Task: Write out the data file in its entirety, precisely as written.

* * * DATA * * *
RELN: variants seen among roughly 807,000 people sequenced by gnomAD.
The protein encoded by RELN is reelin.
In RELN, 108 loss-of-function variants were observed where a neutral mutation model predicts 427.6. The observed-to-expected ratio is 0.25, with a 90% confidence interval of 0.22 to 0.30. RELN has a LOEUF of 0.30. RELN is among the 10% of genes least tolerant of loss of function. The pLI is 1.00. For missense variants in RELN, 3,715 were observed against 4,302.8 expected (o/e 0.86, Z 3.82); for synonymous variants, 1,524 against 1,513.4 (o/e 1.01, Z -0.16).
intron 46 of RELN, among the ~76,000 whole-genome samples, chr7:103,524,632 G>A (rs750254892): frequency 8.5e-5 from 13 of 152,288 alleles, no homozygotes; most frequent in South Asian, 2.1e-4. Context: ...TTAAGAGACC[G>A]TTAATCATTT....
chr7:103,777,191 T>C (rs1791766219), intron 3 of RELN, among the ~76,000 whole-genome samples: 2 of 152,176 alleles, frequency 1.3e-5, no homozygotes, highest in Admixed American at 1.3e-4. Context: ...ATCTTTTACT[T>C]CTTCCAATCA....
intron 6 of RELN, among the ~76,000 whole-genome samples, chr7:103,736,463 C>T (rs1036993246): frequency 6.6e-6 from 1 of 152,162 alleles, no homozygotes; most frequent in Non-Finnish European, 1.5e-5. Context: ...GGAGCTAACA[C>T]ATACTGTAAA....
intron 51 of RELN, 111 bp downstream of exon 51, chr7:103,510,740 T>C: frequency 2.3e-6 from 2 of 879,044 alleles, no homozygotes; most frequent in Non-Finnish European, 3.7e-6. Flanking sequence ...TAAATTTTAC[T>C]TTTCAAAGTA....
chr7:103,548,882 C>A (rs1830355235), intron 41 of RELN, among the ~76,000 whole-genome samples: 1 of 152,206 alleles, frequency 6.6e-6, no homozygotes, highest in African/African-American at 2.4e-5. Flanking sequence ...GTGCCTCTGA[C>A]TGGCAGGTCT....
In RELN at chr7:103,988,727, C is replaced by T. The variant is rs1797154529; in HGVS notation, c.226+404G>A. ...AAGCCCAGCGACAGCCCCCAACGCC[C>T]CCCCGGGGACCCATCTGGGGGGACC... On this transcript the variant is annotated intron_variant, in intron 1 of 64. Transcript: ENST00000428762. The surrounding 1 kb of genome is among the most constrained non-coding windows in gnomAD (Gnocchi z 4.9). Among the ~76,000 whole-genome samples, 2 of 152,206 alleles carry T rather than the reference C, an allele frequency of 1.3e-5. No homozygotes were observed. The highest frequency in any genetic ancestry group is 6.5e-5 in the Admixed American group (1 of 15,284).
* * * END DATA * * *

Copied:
RELN: variants seen among roughly 807,000 people sequenced by gnomAD.
The protein encoded by RELN is reelin.
In RELN, 108 loss-of-function variants were observed where a neutral mutation model predicts 427.6. The observed-to-expected ratio is 0.25, with a 90% confidence interval of 0.22 to 0.30. RELN has a LOEUF of 0.30. RELN is among the 10% of genes least tolerant of loss of function. The pLI is 1.00. For missense variants in RELN, 3,715 were observed against 4,302.8 expected (o/e 0.86, Z 3.82); for synonymous variants, 1,524 against 1,513.4 (o/e 1.01, Z -0.16).
intron 46 of RELN, among the ~76,000 whole-genome samples, chr7:103,524,632 G>A (rs750254892): frequency 8.5e-5 from 13 of 152,288 alleles, no homozygotes; most frequent in South Asian, 2.1e-4. Context: ...TTAAGAGACC[G>A]TTAATCATTT....
chr7:103,777,191 T>C (rs1791766219), intron 3 of RELN, among the ~76,000 whole-genome samples: 2 of 152,176 alleles, frequency 1.3e-5, no homozygotes, highest in Admixed American at 1.3e-4. Context: ...ATCTTTTACT[T>C]CTTCCAATCA....
intron 6 of RELN, among the ~76,000 whole-genome samples, chr7:103,736,463 C>T (rs1036993246): frequency 6.6e-6 from 1 of 152,162 alleles, no homozygotes; most frequent in Non-Finnish European, 1.5e-5. Context: ...GGAGCTAACA[C>T]ATACTGTAAA....
intron 51 of RELN, 111 bp downstream of exon 51, chr7:103,510,740 T>C: frequency 2.3e-6 from 2 of 879,044 alleles, no homozygotes; most frequent in Non-Finnish European, 3.7e-6. Flanking sequence ...TAAATTTTAC[T>C]TTTCAAAGTA....
chr7:103,548,882 C>A (rs1830355235), intron 41 of RELN, among the ~76,000 whole-genome samples: 1 of 152,206 alleles, frequency 6.6e-6, no homozygotes, highest in African/African-American at 2.4e-5. Flanking sequence ...GTGCCTCTGA[C>A]TGGCAGGTCT....
In RELN at chr7:103,988,727, C is replaced by T. The variant is rs1797154529; in HGVS notation, c.226+404G>A. ...AAGCCCAGCGACAGCCCCCAACGCC[C>T]CCCCGGGGACCCATCTGGGGGGACC... On this transcript the variant is annotated intron_variant, in intron 1 of 64. Transcript: ENST00000428762. The surrounding 1 kb of genome is among the most constrained non-coding windows in gnomAD (Gnocchi z 4.9). Among the ~76,000 whole-genome samples, 2 of 152,206 alleles carry T rather than the reference C, an allele frequency of 1.3e-5. No homozygotes were observed. The highest frequency in any genetic ancestry group is 6.5e-5 in the Admixed American group (1 of 15,284).